Recently, I was planning to buy a new car. As a loyal consumer of Toyota, I limited my choices between Hybrid and Corolla, which have similar features and specs. I knew a hybrid car does save gas and is good for environment, but the question is whether it will save money for consumers. Then I did some math.
Corolla S: MSRP $16130, Fuel Economy 34/26
3rd Gen Prius: MSRP $24000, Fuel Economy 51/48
According to the U.S. Federal Highway Administration (FHWA), the average American driver logs 13,476 miles each year.  Assume 50 percent city and 50 percent highway drive in the calculation. So, we can get how many gallons of gas they use per year.
Corolla S: 13,476/(34+26)/2= 441.83 gallons
3rd Gen Prius: 13,476/(51+48)/2= 272.24 gallons
When gas price is $3.72/gal, the money each car use is as follows.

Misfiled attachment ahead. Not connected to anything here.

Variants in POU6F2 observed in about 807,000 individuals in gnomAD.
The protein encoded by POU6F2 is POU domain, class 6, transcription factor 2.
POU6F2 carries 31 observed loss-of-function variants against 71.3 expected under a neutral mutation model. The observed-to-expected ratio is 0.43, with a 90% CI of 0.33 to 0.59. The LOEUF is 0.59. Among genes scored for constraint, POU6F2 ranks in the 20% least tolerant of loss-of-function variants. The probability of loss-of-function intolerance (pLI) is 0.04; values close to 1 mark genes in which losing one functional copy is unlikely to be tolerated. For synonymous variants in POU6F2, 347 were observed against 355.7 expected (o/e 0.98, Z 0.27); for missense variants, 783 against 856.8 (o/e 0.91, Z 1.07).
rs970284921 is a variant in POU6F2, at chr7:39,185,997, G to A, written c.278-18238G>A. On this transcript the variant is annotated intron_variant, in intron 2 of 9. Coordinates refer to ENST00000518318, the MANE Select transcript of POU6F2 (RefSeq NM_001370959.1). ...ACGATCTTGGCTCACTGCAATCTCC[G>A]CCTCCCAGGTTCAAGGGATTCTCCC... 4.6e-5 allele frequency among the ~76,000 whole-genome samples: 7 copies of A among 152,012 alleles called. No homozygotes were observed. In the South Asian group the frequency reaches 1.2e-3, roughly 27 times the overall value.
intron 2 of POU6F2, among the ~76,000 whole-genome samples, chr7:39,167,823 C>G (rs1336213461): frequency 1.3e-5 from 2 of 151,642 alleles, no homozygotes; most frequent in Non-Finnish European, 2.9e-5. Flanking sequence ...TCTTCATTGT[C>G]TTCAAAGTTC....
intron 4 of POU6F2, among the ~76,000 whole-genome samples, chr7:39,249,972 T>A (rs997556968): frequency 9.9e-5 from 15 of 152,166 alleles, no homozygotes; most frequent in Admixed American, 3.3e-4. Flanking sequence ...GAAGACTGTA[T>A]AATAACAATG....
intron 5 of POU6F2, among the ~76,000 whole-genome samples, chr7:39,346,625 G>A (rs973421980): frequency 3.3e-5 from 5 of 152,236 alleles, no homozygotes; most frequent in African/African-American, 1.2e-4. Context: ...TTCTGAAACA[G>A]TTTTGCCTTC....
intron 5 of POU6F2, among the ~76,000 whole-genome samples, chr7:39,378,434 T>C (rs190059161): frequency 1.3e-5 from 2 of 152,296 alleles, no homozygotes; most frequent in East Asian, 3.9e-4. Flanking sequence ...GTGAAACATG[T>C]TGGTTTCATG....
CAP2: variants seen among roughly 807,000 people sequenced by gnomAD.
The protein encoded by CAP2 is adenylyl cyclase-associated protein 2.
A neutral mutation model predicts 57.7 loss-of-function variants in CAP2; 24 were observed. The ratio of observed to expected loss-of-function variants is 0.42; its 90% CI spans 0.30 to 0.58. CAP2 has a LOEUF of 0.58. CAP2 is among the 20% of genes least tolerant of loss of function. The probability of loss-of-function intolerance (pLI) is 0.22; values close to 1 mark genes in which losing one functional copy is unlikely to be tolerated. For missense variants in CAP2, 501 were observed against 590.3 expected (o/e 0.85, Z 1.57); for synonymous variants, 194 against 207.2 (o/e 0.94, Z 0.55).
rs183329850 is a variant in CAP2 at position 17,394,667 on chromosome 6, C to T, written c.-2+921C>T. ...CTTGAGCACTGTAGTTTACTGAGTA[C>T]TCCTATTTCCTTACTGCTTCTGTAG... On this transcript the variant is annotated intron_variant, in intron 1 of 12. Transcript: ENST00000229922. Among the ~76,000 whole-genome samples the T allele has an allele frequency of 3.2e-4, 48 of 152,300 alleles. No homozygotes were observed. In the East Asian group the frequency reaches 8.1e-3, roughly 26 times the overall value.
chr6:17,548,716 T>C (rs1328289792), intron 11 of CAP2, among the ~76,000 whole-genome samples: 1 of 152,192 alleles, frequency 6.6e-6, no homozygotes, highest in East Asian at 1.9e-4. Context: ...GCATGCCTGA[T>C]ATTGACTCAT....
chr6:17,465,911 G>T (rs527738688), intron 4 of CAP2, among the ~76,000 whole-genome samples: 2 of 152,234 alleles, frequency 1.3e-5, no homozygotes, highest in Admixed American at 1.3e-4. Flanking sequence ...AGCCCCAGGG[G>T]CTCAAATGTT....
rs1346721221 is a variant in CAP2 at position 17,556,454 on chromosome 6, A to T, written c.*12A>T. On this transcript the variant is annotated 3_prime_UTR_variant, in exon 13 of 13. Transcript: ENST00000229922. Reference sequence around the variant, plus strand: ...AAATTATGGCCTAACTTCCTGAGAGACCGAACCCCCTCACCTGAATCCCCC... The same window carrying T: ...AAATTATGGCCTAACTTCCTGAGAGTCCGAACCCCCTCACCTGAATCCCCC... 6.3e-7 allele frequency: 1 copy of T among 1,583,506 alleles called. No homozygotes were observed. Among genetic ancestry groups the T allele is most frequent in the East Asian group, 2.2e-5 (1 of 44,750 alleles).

Corolla S: 441.83 * 3.72 = $1643.63
3rd Gen Prius: 272.24 * 3.72 = $1012.742
Therefore, a Prius can save $630.89 ($1643.63-$1012.742) per year, compared to Corolla S. But considering the different MSRP, it needs 12.05 years ($7600/$630.89/year) when the Prius actually starts to save money. That’s really a long time.
Let’s do more calculations in different gas price and national average of miles each American drivers drive per year.
In the figure above, we can learn that at high gas price and high driving miles per year, the consumers can get return for their investment more quickly. For example, if the gas price is $5/gal and the driving miles per year is 30,000, the consumers who buy Prius will start to save money after four years.
Therefore, a hybrid car does save gas, but the problem is that it needs too long to get payback for consumers. Gas isn’t expensive enough to justify the switch to a hybrid for costumers like me.
However, there are some reasons why people choose the hybrid even if the gas price is low. They may want to try the new technology. Maybe they are environmentalist and want to contribute to the carbon emissions decrease. Or, most possibly, the government provides a big tax break.